From Bney Yosef North America (I copied and pasted from email, as their website was down for maintenance.)
40 Days of Repentance —The Season of Teshuvah
This season of repentance begins on the first day of the Hebrew month of Elul, the sixth month of the Hebrew calendar. This is a time to blow the shofar (ram’s horn) and seek YHVH in sincere repentance. “Thus says the LORD of hosts: Consider your ways.” (Haggai 1:7)
Tradition says the name Elul spelled in Hebrew Alef-Lamed-Vav-Lamed is an acronym for “Ani L’dodi V’dodi Li” – “I am my Beloved’s and my Beloved is mine” from Shir HaShirim (Song of Songs) 6:3. The word Elul can be traced back to the Akkadian word for harvest. A root of this word Elul could be “search” in Aramaic. Thus we have this month of searching our souls.
In Vayikra (Leviticus) 16:29 we find the 10th of Tishri (the seventh month on the Hebrew calendar) is the Day of Atonement. This is 40 days from the first of Elul. There is an ancient tradition that the King would take off His Royal garments and come out to the people in the field to meet with them during this month of Elul. Then, with the month ending, He would return to His courts as the 10 Days of Awe lead us to the Day day of Atonement. During Elul, there are 30 days of the King coming to your home, your place of work, your business, and where you hang out. This can be a time when we recognize that we have fallen short in our love for our brothers and , or lack in Good deeds. As we examine ourselves, we may find we are living two lives: one spiritual, and one carnal.
“For if you forgive others their trespasses, your heavenly Father will also forgive you,” (Matthew 6:14)
“And whenever you stand praying, forgive, if you have anything against anyone, so that your Father also who is in heaven may forgive you your trespasses.” (Mark 11:25)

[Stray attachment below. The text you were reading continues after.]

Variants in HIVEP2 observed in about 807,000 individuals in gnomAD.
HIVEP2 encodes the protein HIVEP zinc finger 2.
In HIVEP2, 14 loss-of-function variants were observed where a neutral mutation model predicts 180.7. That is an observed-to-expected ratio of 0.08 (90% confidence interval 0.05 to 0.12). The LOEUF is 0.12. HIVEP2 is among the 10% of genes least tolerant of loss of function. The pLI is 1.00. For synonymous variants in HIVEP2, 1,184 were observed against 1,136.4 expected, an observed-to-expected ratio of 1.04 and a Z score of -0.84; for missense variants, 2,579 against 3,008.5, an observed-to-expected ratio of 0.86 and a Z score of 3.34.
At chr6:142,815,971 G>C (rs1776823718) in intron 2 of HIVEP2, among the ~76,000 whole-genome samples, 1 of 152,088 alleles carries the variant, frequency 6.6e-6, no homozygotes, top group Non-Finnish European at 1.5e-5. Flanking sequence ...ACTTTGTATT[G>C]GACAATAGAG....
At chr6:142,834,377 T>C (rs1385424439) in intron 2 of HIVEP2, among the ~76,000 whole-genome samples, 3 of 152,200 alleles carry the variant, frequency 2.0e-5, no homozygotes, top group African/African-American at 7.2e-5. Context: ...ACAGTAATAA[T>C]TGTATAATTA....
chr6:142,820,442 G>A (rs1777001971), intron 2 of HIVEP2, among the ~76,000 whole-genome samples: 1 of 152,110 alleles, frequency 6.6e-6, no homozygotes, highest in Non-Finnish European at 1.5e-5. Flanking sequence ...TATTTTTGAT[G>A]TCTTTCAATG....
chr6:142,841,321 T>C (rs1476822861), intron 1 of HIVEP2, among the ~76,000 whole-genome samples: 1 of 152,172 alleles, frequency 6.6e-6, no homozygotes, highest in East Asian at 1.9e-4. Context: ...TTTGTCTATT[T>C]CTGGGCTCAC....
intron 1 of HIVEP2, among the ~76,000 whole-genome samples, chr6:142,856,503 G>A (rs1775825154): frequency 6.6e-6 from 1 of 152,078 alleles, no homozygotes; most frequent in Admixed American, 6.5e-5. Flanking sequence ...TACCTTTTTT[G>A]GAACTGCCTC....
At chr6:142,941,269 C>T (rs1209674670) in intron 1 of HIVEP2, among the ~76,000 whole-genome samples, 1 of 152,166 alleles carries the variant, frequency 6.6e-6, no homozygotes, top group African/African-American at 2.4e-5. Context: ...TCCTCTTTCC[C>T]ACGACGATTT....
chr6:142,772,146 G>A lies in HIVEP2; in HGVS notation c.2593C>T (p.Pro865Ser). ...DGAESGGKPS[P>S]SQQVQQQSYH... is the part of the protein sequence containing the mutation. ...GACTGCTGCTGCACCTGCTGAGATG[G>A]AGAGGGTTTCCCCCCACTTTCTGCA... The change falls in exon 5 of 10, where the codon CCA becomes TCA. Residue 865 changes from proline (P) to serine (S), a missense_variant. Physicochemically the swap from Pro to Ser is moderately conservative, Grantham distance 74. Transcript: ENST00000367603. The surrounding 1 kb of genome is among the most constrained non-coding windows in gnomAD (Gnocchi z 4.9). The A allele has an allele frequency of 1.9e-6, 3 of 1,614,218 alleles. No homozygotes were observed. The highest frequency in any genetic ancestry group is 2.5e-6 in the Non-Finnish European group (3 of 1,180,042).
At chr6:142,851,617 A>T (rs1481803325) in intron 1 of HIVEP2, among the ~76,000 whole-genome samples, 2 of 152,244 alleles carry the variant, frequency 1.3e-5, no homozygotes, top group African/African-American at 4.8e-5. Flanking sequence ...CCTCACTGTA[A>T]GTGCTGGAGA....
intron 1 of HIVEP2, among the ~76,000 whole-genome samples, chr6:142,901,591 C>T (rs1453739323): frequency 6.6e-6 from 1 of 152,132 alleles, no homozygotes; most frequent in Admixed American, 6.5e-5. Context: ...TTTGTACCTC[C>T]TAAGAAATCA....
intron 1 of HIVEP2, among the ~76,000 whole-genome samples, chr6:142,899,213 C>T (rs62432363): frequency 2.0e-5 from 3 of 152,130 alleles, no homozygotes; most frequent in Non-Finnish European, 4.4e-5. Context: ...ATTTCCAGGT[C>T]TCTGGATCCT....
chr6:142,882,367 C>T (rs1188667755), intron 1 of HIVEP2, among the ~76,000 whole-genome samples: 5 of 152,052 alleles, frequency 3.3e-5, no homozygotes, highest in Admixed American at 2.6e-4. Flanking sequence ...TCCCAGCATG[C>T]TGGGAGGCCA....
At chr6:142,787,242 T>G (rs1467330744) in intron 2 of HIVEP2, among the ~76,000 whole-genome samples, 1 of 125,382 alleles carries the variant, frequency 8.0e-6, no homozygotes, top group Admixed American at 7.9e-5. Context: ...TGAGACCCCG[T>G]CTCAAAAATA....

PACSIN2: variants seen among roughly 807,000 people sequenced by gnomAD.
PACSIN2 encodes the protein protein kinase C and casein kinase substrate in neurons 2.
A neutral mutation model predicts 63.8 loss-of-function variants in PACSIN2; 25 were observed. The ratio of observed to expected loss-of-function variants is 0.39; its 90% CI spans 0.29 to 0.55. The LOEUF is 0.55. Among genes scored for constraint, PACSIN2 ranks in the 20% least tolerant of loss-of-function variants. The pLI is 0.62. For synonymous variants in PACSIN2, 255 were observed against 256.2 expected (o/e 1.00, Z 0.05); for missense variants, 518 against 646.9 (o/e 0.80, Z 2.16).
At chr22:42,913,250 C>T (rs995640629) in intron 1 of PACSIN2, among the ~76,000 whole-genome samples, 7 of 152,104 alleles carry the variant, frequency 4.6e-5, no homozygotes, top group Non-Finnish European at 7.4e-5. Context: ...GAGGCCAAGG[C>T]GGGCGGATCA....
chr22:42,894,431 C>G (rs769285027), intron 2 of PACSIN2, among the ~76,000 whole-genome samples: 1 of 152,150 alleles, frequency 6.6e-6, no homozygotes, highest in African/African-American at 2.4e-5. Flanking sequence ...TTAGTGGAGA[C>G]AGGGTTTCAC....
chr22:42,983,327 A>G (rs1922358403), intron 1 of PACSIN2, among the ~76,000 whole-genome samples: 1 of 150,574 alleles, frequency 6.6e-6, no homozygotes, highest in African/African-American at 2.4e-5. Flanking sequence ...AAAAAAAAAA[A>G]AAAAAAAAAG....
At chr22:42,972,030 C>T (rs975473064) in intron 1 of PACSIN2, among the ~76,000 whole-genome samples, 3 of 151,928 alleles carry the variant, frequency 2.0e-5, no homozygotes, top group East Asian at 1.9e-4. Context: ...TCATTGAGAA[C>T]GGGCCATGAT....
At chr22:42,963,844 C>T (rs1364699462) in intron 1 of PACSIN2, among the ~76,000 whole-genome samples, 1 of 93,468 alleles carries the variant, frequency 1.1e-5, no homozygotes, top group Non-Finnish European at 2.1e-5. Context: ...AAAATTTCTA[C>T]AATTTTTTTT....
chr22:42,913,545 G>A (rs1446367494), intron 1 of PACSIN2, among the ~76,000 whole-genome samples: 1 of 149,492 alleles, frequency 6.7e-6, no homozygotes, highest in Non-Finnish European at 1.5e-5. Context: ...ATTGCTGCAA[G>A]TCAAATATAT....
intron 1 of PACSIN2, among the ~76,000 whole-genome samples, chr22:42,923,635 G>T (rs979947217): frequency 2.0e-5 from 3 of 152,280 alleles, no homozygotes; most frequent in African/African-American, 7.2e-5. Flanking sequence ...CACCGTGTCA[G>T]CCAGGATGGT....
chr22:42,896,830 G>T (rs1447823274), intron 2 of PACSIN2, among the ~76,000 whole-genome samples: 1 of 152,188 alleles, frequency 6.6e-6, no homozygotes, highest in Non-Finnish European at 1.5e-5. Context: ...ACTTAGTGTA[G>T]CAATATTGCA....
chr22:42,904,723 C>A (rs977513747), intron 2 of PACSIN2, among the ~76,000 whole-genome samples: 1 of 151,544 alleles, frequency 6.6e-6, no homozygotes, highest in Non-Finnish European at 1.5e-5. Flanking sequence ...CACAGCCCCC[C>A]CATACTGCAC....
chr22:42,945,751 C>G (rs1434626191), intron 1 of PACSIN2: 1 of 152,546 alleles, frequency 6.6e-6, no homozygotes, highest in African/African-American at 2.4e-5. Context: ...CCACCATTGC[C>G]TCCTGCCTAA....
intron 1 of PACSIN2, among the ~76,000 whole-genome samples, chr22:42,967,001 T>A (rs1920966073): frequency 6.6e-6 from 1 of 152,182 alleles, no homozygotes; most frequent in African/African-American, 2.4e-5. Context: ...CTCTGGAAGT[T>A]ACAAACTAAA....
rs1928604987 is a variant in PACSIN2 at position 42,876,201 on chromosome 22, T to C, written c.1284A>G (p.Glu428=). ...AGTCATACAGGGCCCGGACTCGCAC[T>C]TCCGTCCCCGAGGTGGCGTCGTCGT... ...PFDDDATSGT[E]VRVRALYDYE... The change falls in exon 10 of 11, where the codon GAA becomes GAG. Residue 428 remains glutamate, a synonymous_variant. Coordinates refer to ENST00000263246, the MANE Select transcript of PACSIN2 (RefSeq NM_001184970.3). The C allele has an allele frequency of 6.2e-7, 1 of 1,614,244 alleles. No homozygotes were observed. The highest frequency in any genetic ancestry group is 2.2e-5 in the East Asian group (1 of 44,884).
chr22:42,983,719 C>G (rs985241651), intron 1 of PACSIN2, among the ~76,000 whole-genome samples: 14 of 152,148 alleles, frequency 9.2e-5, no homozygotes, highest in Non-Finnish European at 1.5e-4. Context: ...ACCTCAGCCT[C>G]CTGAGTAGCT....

“Judge not, and you will not be judged; condemn not, and you will not be condemned; forgive, and you will be forgiven.” (Luke 6:37)
The pattern of repentance, or “teshuvah” in Hebrew, as we lead up to the Day of Atonement is more than simply a tradition of “New Year Resolutions.” Repenting is the act of stopping, turning around, and moving in the other direction toward Elohim our King. This Season of Teshuva in the month of Tishri is the new year in Hebrew thought. Leviticus 25 explains it as the time of release that happens each year on the Day of Atonement. Every seventh year begins the Shmitah, or Sabbatical Year, which is a sabbath rest for the land. Every fiftieth year is the Yovel, or Jubilee, the release of all debt and the return to ancestral inheritance are in this month. But resolutions do not bring the heart change that we need. King David gives us a look at this in the pattern revealed in Tehillim (Psalms) 51.
1) We need His Mercy
2) Identify our sin
3) Recognize who we sinned against
4) Know who we are
5) Ask for cleansing
6) Rejoice in His work
7) Ask for renewal
8) Let Joy and a willing spirit return to you.
“And when all these things come upon you, the blessing and the curse, which I have set before you, and you call them to mind among all the nations where the LORD your God has driven you, and return to the LORD your God, you and your children, and obey his voice in all that I command you today, with all your heart and with all your soul, then the LORD your God will restore your fortunes and have mercy on you, and he will gather you again from all the peoples where the LORD your God has scattered you.” (Deuteronomy 30:1-3)
This season is the time for us to take stock and actively seek forgiveness.